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Why This Winter is So Crazily Warm

80beatsBy Veronique GreenwoodJanuary 12, 2012 7:12 PM


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Spring! Not.

Across the US, this winter has been unusually balmy, with precious little snow, or even rain, and with trees taking the warmth as a cue to send out new leaves in January. Temperature data support those impressions: in the first week of the year, temperatures were 40 degrees F higher than average in some parts of the Midwest, Discovery News reports

, and snow cover is at 19 percent across the country, compared to an average of 50 percent at this time of year. In notoriously chilly Fargo, North Dakota, the January 4 high temperature of 55 broke the record for the warmest January day on record, and the country has seen close to no rain or snow in this first week of 2012, writes Wunderground meteorologist Jeff Masters

. "It has been remarkable to look at the radar display

day after day and see virtually no echoes," he writes, referring to the radar echoes reflected back by storms. "It is very likely that this has been the driest first week of January in U.S. recorded history." Why this freaky weather? The answer is, basically, an extremely unusual jet stream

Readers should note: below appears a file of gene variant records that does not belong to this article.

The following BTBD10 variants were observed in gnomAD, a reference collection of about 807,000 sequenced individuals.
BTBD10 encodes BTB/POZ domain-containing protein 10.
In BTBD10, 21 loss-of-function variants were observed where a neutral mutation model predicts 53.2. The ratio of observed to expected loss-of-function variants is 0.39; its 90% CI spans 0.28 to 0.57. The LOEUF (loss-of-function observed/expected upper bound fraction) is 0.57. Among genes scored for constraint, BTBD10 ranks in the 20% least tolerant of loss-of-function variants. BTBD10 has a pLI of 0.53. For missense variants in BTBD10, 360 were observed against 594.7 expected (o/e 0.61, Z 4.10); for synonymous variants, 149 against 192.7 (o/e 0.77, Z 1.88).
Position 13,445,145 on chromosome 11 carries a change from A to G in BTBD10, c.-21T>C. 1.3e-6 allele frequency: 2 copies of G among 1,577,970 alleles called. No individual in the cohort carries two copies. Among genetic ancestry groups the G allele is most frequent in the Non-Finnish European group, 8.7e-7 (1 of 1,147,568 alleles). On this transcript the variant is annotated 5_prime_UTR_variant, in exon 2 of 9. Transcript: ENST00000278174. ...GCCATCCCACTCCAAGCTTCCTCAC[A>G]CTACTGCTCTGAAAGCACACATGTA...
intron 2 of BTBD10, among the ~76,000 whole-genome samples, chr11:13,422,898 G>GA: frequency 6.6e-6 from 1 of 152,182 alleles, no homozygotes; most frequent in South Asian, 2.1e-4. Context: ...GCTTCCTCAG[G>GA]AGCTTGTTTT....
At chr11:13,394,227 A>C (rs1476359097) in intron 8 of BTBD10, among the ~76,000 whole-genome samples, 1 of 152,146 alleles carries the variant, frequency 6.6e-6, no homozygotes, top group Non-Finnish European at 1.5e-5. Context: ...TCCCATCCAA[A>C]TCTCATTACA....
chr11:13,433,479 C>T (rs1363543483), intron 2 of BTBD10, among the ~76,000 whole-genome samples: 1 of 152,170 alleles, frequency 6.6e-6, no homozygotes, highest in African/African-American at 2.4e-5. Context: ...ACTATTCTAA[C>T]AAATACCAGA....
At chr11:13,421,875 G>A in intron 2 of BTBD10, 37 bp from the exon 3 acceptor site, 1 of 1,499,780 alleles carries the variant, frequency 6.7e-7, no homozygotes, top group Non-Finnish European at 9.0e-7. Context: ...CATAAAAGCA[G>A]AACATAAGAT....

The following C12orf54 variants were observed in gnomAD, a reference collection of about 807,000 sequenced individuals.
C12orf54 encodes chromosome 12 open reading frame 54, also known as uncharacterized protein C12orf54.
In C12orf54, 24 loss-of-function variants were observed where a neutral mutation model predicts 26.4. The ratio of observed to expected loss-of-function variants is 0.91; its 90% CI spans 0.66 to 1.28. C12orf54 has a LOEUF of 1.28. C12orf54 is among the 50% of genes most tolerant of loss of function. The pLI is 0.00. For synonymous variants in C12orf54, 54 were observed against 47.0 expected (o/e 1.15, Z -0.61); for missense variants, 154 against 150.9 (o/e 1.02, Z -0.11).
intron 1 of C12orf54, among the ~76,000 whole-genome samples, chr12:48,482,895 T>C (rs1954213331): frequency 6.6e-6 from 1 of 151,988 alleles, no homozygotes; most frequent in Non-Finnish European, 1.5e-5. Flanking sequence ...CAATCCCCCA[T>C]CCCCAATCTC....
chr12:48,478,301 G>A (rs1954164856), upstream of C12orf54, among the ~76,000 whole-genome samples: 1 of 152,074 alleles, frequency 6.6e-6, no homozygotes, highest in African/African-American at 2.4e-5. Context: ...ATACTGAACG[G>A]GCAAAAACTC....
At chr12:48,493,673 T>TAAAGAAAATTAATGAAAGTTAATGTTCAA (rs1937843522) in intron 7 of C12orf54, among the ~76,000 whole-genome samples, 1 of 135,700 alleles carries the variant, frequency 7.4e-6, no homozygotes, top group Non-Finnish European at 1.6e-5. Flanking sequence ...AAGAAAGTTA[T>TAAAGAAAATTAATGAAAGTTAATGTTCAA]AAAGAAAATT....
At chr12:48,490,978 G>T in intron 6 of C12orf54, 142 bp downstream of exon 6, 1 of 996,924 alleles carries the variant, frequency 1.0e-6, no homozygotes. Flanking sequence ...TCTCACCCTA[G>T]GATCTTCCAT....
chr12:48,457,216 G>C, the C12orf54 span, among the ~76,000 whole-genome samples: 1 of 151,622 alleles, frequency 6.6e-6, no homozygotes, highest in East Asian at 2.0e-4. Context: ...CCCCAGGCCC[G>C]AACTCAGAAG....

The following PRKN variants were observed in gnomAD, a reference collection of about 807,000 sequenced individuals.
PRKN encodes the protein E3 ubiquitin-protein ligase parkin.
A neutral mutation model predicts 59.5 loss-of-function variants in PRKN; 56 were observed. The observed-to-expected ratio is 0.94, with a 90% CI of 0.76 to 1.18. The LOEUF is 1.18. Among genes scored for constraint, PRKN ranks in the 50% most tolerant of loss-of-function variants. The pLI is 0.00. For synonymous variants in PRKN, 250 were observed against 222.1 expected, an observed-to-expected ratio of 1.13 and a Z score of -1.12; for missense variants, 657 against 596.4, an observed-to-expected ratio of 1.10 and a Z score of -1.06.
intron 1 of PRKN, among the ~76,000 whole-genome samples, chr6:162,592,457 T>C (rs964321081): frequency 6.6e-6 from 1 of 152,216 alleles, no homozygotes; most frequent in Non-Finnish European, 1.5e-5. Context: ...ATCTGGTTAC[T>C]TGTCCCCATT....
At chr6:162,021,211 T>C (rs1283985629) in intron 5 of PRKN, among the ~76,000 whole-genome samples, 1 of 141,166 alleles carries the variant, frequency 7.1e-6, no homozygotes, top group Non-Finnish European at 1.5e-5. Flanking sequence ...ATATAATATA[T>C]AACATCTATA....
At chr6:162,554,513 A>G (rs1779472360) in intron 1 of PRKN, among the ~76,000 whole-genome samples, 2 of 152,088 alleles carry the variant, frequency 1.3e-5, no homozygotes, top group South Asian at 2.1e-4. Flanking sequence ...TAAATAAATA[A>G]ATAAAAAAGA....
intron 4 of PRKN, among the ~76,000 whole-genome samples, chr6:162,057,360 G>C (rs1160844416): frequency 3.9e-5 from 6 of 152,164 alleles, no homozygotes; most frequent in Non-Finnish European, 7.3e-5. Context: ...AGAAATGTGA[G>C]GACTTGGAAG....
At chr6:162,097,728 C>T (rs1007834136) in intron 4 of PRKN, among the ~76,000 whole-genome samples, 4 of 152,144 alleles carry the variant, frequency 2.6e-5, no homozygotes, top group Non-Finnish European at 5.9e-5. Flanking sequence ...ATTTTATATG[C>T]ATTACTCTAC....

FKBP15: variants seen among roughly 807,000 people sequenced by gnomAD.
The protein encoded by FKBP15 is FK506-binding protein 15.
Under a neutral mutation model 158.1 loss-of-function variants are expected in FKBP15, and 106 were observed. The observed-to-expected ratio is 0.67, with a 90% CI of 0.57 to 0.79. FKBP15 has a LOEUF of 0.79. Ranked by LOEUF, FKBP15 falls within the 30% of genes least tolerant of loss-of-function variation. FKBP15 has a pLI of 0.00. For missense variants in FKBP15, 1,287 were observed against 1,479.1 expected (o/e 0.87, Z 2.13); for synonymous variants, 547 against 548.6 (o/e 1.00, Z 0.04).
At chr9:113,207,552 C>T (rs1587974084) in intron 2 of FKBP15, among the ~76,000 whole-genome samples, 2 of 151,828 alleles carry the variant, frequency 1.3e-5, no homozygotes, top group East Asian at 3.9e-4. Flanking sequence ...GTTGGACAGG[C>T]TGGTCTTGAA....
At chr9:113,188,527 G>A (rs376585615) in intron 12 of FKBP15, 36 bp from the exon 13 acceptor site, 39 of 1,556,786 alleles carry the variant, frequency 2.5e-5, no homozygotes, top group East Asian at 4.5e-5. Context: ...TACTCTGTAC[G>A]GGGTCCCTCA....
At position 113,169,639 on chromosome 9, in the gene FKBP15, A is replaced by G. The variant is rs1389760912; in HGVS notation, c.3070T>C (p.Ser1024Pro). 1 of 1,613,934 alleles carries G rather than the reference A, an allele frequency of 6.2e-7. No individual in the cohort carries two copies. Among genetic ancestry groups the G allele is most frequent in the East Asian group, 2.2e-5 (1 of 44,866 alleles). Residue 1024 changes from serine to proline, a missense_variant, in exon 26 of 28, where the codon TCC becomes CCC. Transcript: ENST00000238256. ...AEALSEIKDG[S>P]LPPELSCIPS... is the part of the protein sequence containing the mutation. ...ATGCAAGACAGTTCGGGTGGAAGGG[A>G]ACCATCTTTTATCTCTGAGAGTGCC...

over the last few months, Masters explains. The jet stream that defines weather in North America is controlled by the North Atlantic Oscillation and the Arctic Oscillation, climate patterns that reflect differences in sea-level pressure across certain stretches of the globe. And the pressure differences this year have been tremendous---for the North Atlantic Oscillation (NAO), this year saw the most extreme difference ever recorded in December, and the second most extreme for the Arctic Oscillation (AO). This positive pressure difference has drawn warm air from the southwest over the Eastern US, rather than the usual chilly air from the Arctic. Last winter's pressure differences were gigantic as well, but in the opposite, negative direction, so lots of cold air poured down and we had tons of snow. In fact, the last six years have been generally strange for the Arctic Oscillation, with the two most extreme negative values and two most extreme positive values on record. But why?, you ask. Why have these oscillations been so weird? Unfortunately, Masters writes, we don't really know why these variations happen. Addressing the elephant in the room---I'm looking at you, climate change---he says, "Climate models are generally too crude to make skillful predictions on how human-caused climate change may be affecting the AO, or what might happen to the AO in the future." But he notes that there are links

between solar activity and sunspots and positive values and between arctic sea ice loss and negative values. Whether this year's strong positives are related to sunspots, though, isn't clear.

Image courtesy of subflux / flickr

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